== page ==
writes in its letter. It notes that the ministry’s use of EU funds casts
doubt on whether the money is being used to make the systematic changes
needed to modernize the country’s education system. Prime Minister Petr
Nečas is set to discuss the matter with Mr. Dobeš.
This is not the first time Mr. Dobeš’s ministry has come under fire from the European Commission. Previously, Brussels auditors had uncovered irregularities in EU-funded projects and ordered that all further payments from the Education for Competitiveness Operational Program be frozen until the matter was investigated and fully explained.
The Supreme Audit Office has expressed concern over the Czech Environment Ministry’s use of EU funds awarded to fight pollution and lower emissions. Inspectors from the office said Monday that even though the country does not meet most of the union’s emission limits, only a small portion of funds from the Operational Program “Environment” has been used to fight pollution and lower emissions to date. Inspectors said that while 18 billion crowns had been earmarked for the Czech Republic for the years 2007 to 2013, the total budget of projects approved by the ministry nearly four years after the start of the program amounted to only 1.5 billion crowns. This was connected to the Czech Republic’s unfavorable legal situation regarding air pollution. NKU inspectors have warned that the European Commission may call for sanctions to be imposed on the Czech Republic over its violation of emission limits should the funds not be used by 2013.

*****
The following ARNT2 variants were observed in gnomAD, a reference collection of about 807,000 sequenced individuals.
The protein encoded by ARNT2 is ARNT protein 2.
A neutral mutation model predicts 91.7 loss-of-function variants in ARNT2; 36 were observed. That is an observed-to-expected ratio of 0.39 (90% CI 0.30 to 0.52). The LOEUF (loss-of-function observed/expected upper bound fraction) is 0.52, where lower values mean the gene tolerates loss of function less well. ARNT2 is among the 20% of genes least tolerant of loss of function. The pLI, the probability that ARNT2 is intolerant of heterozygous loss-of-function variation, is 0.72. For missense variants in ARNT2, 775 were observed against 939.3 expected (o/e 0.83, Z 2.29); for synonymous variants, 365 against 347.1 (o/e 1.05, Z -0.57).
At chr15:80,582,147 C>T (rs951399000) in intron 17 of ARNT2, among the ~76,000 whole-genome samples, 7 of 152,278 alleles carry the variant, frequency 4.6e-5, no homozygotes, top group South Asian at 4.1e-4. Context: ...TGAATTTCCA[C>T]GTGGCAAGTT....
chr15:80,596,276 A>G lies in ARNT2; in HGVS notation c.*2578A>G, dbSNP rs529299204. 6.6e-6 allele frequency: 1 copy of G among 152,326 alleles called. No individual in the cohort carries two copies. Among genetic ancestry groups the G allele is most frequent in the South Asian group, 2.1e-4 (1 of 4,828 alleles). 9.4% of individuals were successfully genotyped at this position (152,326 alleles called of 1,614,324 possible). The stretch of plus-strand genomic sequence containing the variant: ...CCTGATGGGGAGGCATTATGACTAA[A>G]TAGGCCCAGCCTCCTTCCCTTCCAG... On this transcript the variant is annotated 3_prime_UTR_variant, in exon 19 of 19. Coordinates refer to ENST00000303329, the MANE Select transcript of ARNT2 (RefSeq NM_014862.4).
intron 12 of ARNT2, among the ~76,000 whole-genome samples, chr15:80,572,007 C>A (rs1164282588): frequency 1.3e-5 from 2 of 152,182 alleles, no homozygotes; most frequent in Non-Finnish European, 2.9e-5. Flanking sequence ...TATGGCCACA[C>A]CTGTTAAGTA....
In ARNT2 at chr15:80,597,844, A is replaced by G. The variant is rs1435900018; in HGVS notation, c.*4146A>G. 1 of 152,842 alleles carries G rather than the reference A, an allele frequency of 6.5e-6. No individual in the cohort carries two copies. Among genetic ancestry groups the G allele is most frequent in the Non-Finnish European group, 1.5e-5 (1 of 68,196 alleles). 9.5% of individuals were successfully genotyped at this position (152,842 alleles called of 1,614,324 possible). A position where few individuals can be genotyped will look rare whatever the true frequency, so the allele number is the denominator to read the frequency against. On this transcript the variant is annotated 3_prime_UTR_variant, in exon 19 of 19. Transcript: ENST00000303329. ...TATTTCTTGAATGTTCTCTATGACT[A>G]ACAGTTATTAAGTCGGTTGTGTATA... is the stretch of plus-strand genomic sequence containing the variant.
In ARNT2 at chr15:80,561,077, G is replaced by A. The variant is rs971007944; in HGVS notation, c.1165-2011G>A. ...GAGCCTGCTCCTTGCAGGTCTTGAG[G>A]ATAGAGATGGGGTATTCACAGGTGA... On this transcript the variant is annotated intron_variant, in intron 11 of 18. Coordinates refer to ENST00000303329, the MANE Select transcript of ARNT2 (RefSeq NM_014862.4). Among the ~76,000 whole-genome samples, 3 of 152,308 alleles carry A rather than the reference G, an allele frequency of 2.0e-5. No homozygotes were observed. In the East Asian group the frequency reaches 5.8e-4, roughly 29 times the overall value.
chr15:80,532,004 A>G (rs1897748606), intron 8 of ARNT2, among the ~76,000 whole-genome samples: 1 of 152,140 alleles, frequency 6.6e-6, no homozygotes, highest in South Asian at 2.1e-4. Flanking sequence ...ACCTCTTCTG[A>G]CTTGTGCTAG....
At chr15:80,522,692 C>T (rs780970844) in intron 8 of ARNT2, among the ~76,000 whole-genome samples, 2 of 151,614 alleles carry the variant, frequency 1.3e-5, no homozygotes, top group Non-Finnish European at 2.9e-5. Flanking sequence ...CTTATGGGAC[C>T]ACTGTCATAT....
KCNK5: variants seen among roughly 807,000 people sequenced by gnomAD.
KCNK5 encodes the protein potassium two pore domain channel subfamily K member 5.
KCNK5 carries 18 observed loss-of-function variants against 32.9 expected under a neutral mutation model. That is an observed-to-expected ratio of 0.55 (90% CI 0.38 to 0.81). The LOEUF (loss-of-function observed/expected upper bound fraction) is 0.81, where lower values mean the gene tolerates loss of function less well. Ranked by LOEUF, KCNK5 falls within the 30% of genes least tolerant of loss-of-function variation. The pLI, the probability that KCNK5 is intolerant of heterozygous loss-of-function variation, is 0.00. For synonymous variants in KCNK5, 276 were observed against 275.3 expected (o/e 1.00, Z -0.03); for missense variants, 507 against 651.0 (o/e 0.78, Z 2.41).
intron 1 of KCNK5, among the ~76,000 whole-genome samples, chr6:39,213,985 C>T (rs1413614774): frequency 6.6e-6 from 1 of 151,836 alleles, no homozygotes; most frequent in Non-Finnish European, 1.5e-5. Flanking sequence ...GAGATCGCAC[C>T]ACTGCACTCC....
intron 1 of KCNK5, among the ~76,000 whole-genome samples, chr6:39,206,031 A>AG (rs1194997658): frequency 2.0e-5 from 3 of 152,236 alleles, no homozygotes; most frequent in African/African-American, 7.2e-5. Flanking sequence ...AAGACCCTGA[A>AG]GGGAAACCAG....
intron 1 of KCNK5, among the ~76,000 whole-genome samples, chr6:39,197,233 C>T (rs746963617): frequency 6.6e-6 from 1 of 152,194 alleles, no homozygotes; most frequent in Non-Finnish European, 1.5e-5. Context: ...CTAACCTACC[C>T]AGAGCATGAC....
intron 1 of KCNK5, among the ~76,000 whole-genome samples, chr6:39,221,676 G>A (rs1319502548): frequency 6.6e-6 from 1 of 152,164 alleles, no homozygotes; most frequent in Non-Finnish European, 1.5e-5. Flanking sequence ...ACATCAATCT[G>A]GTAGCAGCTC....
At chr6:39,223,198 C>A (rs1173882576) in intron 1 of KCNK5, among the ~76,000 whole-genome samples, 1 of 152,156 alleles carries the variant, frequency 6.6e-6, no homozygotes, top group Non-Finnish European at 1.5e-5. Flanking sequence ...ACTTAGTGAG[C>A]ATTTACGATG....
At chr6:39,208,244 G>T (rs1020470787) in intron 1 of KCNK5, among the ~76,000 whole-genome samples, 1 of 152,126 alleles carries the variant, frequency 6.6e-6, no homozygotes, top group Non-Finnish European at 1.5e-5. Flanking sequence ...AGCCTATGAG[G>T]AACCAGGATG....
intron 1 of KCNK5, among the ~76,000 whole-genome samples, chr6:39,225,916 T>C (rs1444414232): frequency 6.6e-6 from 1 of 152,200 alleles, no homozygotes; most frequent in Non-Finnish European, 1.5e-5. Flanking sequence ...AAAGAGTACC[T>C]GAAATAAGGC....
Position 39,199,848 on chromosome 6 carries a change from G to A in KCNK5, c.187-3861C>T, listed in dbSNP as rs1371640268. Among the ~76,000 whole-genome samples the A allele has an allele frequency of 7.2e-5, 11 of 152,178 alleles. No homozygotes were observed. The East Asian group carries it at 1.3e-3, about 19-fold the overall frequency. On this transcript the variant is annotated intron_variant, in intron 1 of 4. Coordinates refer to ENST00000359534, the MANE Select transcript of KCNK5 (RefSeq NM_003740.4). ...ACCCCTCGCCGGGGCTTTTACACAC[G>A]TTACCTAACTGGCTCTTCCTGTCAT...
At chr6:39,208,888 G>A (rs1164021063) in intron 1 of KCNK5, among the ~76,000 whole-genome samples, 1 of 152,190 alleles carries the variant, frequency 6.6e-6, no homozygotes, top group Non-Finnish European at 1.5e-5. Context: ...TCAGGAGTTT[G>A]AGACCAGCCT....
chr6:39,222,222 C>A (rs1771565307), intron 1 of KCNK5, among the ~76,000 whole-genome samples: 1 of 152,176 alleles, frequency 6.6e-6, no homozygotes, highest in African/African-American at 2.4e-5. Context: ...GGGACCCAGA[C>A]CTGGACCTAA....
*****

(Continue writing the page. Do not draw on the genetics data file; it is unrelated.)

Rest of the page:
Eleven branches of the labor office workers’ union from across the
country have harshly criticized Labor and Social Affairs Minister Jaromír
Drábek and are calling for his resignation over problems connected to the
introduction of a new system of making welfare payments. According to
members, the new computer system that was introduced as part of a
far-reaching social reform is not functional; the minister is downplaying
the situation, which union leaders have called “fatal”. Among the
unions’ main complaints is that the new software is preventing them from
efficiently performing their job and paying out welfare in the necessary
time frame. However, the ministry announced last week that the majority of
welfare payments for January would be dispensed on time.
IT-workers from labor offices across the country have backed the unions. According to a report that they have handed over to the ministry, the new system lacks connectivity between different applications and has failed to fully digitalize the welfare application process.
A Czech student who had been sent to Papua New Guinea for a research trip was killed on January 27th. He was working on his dissertation at the University of South Bohemia in České Budějovice and was an employee of the university’s entomological institute. His doctoral thesis focused on the ground beetle. He died after a fall into a ravine in Papua New Guinea’s Finisterre mountain range.
A decapitated head that was found in Prague’s Karlín district on Sunday
belongs to the body of a dead woman, whose torso and limbs were found in
Prague at the end of last year, a medical examination confirmed on Monday.
Police are investigating the case and have called on the public to contact
them with any possible clues that would help identify the woman.
The head was found on Sunday at the corner of Pobřežní and Šaldova streets, in an area that is frequented by homeless people. The find was the latest in a series of gruesome discoveries in the Czech capital: at the beginning of December hands cut at the wrists and taped together were found near the Kunratice stream.
A bus collided with a car near the town of Rychnov in the Hradec Králové region on Monday morning. The driver of the car was killed in the accident; another five people were injured. According to police, the accident happened around 7 a.m., when the driver of the automobile swerved out of his lane and into the opposing traffic. Police say it is not yet clear what caused the driver to swerve into oncoming traffic and are investigating the case.